Whilst you’re not (usually) going to be MitM’ing anyone for real with Fiddler, it makes it very easy to demonstrate the potential and it makes it particularly easy for others to reproduce the process (Hoyts did seem appreciative of the feedback so assumedly it will be in their interest to be able to reproduce this). To demo this via Fiddler, I simply added the following piece of Fiddler script to the OnBeforeResponse event using FiddlerScript:
- Changing “Credit Card Number” to “Your Wife’s Credit Card Number” (this is just to give a visual representation within the phone of the traffic having been modified)
- Changing “Credit Holder’s Name” to “Your Wife’s Name” (same reason again)
- Changing the path the form ultimately posts to (this is the heart of the attack)
That’s the first part. The second part adds two headers which facilitate the cross domain async posting of the JSON data which is how the card info is sent. This is required as when posting cross domain in this fashion, the browser will make an OPTIONS request before sending over the payload and if the target server doesn’t respond by saying it will allow the request by virtue of these headers being present, the data is never sent.
So that’s it – the only other thing I needed was a resource on the hackyourselffirst.troyhunt.com domain that would respond with an empty HTTP 200 when an OPTIONS request was made and another which would accept the POST request. Here’s how it looks when the request is actually sent:
Of course the key here is the message in the bottom right – this is my site (or the would-be attacker’s site) successfully reporting that it’s received the victim’s credit card info and reflecting it back out to the screen. You don’t see it in the mobile app as it’s expecting a JSON response with entirely different content and in reality, an attacker would be far smarter about hiding this information away and ensuring the end user has no apparent disruption in their service.
All of this boils down to the simplest of solutions – the payment page must load everything over HTTPS. Ah, but what about the pages linking to the payment page, couldn’t they be manipulated to link elsewhere? Yes, (although the certificate on the payment page would then be wrong if anyone looked at it) and if you’re worried about that then you load them over HTTPS too. Well what about if someone just enters m.hoyts.com.au into their browser and the site then redirects to HTTPS, isn’t that first HTTP request a risk? Yes, and we don’t have good answers for it yet short of using HSTS headers so that at some point, if the site is loaded securely, the browser can’t then make an insecure request later on. It’s not a perfect science, but it sure beats loading forms collecting sensitive data over insecure connections.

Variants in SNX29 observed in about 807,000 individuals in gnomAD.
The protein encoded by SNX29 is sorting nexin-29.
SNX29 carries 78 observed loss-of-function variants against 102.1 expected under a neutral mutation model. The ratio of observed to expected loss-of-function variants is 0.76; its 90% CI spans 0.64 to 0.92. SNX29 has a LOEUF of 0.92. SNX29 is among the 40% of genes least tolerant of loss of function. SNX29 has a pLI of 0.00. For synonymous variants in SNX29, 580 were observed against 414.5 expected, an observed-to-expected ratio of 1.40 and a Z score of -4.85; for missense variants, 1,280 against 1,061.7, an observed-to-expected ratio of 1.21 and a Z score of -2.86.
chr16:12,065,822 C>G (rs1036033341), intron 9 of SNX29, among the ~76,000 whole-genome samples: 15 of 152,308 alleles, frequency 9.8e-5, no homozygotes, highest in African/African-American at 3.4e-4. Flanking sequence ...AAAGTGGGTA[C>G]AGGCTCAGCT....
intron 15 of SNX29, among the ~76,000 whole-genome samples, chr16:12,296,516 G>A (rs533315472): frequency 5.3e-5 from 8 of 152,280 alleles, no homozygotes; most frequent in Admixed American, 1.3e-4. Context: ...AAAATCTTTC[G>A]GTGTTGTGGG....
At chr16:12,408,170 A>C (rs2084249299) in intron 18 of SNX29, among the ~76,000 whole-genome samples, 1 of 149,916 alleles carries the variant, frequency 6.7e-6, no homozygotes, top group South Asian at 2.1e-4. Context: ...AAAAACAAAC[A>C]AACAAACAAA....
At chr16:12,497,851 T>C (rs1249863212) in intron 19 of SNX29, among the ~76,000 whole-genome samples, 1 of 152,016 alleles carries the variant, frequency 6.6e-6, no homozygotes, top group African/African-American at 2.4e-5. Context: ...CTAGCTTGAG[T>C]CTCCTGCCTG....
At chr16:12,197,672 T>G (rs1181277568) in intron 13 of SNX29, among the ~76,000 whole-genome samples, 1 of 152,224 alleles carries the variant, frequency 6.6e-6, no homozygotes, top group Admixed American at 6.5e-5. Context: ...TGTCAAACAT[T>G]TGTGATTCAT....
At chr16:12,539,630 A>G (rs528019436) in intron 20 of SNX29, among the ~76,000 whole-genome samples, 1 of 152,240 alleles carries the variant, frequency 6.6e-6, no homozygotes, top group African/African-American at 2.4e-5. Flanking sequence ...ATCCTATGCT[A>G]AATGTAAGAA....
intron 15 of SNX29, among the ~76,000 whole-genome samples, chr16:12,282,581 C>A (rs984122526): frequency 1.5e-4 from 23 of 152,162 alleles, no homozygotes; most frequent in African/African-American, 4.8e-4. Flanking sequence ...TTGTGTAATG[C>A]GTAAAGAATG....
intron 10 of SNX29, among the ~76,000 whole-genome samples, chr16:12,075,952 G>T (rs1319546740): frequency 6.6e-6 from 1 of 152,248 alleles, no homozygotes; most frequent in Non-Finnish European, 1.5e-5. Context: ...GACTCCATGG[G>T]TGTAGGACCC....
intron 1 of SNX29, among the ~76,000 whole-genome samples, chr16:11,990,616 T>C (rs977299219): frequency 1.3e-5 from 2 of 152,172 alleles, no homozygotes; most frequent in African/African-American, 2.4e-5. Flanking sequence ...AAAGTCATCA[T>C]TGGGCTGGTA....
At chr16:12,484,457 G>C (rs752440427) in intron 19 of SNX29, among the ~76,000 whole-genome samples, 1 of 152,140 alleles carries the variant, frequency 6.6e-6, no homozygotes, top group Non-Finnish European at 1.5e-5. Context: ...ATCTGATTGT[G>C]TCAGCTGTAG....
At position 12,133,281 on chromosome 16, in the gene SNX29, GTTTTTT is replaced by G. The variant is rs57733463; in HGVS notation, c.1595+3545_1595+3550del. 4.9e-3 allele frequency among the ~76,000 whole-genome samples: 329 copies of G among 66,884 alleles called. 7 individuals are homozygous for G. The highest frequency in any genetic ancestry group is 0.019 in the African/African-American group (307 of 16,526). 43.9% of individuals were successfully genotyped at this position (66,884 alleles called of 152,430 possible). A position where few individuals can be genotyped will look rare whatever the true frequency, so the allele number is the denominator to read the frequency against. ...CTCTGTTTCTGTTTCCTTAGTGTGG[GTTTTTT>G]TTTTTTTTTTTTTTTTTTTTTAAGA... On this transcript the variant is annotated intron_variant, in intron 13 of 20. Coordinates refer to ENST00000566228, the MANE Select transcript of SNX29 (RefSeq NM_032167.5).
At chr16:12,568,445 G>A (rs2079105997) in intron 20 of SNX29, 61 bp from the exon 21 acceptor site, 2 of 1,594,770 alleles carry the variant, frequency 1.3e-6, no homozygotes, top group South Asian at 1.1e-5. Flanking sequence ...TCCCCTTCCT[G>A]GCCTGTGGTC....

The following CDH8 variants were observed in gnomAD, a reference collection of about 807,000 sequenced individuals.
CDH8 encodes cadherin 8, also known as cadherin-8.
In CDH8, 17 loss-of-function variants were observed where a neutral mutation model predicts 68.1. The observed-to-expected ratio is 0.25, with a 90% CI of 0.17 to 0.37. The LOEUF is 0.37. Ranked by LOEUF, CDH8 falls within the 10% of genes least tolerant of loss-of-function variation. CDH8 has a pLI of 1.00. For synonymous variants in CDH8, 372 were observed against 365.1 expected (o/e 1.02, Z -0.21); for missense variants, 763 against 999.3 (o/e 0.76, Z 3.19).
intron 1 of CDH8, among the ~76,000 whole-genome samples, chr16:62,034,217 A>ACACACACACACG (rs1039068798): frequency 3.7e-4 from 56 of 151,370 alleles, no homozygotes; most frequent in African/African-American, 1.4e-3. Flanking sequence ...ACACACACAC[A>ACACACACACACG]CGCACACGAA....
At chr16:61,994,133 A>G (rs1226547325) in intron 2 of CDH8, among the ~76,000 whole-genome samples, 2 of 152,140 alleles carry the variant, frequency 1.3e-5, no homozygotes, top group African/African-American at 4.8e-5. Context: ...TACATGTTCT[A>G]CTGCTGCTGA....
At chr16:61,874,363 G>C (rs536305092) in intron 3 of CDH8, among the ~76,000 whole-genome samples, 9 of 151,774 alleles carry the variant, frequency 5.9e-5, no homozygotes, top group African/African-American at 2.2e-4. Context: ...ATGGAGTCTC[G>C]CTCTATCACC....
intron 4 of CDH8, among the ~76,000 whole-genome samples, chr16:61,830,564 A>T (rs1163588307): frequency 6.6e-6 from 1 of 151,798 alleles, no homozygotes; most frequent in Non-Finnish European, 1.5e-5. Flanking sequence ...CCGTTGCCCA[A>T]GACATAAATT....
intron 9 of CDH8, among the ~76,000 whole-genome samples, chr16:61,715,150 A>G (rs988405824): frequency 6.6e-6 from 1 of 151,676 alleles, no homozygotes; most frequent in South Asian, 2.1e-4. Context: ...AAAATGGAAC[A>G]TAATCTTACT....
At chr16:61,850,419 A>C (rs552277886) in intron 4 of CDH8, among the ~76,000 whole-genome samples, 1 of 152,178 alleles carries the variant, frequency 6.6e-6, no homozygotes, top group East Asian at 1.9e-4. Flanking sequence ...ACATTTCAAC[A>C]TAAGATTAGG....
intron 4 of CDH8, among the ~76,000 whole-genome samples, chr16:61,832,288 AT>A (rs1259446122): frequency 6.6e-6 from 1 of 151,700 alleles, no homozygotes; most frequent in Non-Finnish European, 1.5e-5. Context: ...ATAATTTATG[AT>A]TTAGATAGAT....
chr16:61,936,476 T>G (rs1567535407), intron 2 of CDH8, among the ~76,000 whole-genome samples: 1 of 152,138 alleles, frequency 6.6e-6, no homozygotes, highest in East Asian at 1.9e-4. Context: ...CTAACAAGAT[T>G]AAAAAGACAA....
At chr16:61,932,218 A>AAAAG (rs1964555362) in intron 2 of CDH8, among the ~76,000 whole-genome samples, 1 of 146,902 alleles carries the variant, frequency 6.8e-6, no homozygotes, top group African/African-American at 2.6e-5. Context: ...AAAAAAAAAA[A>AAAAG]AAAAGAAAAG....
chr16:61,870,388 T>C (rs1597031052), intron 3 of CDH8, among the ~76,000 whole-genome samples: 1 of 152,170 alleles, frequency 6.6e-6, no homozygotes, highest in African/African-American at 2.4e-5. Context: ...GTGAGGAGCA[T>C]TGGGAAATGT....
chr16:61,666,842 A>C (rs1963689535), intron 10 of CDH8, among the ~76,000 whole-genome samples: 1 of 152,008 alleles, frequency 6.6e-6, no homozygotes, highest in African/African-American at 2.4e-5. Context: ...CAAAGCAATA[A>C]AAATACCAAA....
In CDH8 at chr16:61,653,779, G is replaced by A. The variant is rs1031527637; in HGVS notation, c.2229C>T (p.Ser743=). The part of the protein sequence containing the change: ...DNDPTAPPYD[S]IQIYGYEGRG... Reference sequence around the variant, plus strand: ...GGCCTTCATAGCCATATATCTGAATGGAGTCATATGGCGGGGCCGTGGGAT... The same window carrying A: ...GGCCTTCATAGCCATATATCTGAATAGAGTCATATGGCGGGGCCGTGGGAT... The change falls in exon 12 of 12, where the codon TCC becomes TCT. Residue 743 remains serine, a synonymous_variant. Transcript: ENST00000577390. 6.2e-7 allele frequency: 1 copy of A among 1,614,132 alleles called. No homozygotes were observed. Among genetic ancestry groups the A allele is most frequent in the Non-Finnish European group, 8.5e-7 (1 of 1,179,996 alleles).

Particularly in the wake of events such as Target last year where 110M credit cards went walkabout, it’s somewhat mindboggling to see such a fundamental error when handling payment card info. In fact there’s a good chance that PCI DSS wouldn’t take a very fond view of this and they have bit of a track record of taking merchants to task over sloppy practices when handling their card data. Certainly as a customer, this is not a page you want to be trusting your card data with any more than what you would any site that didn’t have the prerequisite padlock in the address bar and HTTPS in the URL.
Lastly, some advice for the social media drivers behind public faces such as the Hoyts Twitter account: if a concerned customer is raising security concerns and particularly if they’re echoed by a bunch of folks with titles like “technical architect”, “developer” and “hacker”, it might actually be worth thinking about some of those fundamental tenets of dealing with technical queries and taking the discussion offline for further investigation. Public statements of security prowess in the face of clear and present vulnerabilities often result in someone taking you to task over it :)
Update: Several days after posting this, the Hoyts website at http://m.hoyts.com.au was updated so that every HTTP request is redirected to HTTPS therefore causing the page that accepts financial data to be loaded over a secure connection. Good one Hoyts!